Random House Publishing Group, 2009 M08 4 - 272 pages
A king foolishly divides his kingdom between his scheming two oldest daughters and estranges himself from the daughter who loves him. So begins this profoundly moving and disturbing tragedy that, perhaps more than any other work in literature, challenges the notion of a coherent and just universe. The king and others pay dearly for their shortcomings–as madness, murder, and the anguish of insight and forgiveness that arrive too late combine to make this an all-embracing tragedy of evil and suffering.
Each Edition Includes:
• Comprehensive explanatory notes
• Vivid introductions and the most up-to-date scholarship
• Clear, modernized spelling and punctuation, enabling contemporary readers to understand the Elizabethan English
• Completely updated, detailed bibliographies and performance histories
• An interpretive essay on film adaptations of the play, along with an extensive filmography
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The two older sisters, well versed in the "glib and oily art” of courtly flattery, tell him what he wants to hear, but Cordelia cannot. She is one of the play's truth tellers and simply lacks the capacity or the experience to dress her ...
Erasmus' Folly tells us that there are two kinds of madness—one is the thirst for gold, lust, and power. That is the madness of Regan, Cornwall, Edmund, and the rest. Their madness is what Lear rejects. The second madness is the ...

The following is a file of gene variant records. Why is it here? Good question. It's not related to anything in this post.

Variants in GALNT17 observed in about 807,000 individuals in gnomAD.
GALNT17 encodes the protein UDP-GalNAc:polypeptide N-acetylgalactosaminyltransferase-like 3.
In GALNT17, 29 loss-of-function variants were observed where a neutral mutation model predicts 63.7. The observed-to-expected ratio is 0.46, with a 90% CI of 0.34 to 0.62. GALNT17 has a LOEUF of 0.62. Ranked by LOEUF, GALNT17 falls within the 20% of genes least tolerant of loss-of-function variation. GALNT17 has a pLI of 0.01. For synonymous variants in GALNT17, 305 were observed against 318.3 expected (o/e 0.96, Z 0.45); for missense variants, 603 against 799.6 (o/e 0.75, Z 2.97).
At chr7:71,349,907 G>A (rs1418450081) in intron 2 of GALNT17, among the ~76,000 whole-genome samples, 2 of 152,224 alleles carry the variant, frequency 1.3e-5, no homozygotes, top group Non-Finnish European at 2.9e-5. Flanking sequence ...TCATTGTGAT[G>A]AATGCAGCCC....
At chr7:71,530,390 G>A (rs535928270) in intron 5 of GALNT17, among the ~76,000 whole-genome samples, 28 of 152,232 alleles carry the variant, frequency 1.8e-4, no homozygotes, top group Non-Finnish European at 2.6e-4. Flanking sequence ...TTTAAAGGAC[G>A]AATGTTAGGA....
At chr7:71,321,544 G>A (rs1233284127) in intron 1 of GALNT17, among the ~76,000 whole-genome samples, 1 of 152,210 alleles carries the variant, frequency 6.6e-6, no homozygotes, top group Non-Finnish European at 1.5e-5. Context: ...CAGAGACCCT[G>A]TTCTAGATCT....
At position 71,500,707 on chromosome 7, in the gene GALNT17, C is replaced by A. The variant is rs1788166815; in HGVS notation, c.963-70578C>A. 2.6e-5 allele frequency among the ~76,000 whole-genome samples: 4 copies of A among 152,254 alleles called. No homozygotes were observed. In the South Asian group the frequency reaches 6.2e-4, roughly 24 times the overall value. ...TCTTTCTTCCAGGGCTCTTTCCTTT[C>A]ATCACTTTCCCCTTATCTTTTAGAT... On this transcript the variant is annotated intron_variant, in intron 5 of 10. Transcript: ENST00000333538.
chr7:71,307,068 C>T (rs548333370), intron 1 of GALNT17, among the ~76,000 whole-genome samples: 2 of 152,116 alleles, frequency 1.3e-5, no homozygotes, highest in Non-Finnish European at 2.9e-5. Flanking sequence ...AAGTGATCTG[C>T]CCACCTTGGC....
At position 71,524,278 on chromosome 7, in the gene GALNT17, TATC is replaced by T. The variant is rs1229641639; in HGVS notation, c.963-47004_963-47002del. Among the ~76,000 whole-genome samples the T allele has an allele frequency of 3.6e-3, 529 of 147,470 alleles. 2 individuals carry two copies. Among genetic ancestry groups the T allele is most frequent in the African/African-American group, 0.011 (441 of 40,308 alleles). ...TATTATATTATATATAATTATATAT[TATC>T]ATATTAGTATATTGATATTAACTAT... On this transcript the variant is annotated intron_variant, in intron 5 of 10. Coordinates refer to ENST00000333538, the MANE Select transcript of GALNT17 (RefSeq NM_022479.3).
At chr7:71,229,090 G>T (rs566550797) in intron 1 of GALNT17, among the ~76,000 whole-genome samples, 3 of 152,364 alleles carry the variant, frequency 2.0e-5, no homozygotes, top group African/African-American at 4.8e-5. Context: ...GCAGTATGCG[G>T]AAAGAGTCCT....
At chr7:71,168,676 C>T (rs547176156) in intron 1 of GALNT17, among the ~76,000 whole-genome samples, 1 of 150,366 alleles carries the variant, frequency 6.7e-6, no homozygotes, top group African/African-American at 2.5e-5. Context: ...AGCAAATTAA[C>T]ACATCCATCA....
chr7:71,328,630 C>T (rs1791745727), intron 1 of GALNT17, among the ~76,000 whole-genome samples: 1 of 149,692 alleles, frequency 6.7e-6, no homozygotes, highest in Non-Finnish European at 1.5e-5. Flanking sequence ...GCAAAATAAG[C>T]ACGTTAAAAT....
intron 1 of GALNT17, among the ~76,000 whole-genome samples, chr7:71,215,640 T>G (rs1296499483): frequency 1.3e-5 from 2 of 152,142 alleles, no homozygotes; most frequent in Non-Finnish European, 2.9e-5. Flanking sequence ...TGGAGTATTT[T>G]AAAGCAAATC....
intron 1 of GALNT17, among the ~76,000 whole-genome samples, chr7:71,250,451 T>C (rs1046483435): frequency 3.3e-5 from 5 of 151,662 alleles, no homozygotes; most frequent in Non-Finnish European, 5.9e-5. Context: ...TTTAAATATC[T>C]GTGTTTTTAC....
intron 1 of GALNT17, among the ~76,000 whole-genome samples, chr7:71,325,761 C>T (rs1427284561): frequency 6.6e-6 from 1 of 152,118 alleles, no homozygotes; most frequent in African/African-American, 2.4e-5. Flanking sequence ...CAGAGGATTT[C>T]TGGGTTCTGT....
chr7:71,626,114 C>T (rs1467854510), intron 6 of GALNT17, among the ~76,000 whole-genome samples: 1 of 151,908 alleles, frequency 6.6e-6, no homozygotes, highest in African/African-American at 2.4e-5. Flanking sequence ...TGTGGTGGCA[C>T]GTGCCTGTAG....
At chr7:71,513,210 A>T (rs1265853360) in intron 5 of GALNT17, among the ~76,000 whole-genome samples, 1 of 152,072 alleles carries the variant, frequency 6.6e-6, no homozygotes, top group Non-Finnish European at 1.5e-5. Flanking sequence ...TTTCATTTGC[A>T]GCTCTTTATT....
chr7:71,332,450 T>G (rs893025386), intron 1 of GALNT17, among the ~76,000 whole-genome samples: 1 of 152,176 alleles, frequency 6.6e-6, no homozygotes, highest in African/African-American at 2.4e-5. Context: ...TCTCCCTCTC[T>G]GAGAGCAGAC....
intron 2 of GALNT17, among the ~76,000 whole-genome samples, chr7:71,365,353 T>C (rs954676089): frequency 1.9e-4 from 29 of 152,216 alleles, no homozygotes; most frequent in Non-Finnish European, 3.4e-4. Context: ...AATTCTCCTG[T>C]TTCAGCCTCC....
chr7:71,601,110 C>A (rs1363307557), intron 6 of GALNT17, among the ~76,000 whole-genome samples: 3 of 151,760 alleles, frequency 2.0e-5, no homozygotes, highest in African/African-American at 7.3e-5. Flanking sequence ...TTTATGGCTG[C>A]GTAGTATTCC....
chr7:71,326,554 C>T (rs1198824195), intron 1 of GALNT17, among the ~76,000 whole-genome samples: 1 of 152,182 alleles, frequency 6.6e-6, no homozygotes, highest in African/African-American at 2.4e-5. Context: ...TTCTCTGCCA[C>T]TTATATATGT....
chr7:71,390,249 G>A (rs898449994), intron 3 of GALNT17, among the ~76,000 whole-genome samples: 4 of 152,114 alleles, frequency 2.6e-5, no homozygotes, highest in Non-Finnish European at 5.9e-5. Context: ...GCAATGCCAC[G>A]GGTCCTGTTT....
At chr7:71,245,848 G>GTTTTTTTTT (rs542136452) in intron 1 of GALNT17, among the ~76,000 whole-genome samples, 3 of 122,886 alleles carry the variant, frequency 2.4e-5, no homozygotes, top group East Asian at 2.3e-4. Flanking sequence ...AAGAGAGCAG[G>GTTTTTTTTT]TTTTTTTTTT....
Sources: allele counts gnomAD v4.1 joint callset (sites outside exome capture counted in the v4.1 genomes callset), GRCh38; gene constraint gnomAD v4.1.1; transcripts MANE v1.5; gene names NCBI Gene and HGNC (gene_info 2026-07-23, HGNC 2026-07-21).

At the beginning, she can only tell the truth (hence her banishment), but later she lies beautifully and generously when Lear says that she has cause to do him wrong, and she replies, “No cause, no cause.
Come the last trump, the play tells us, we will be judged by our fellow feeling for the dispossessed, not our status in society. In this, as in so much else, Shakespeare speaks ... LEAR Who is it that can tell me who I xvi. INTRODUCTION.
LEAR Who is it that can tell me who I am? FOOL Lear's shadow. 1. Robert Armin took over as company clown after Will Kempe left the Chamberlain's Men in 1599. A playwright as well as the author of joke books, he practiced a more ...
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LibraryThing ReviewUser Review - DinadansFriend - LibraryThing
Not my favourite play, but I did read it for completeness. A king, worn down by the trammells of office, divides his domain among his children and suffers from the flaws in his parenting. He is ... Read full review
LibraryThing ReviewUser Review - thornton37814 - LibraryThing
This full-cast audio recording tells the story of King Lear who unwisely divided his inheritance based on his perception of how much each daughter loved him. We see how this leads to a life of ... Read full review
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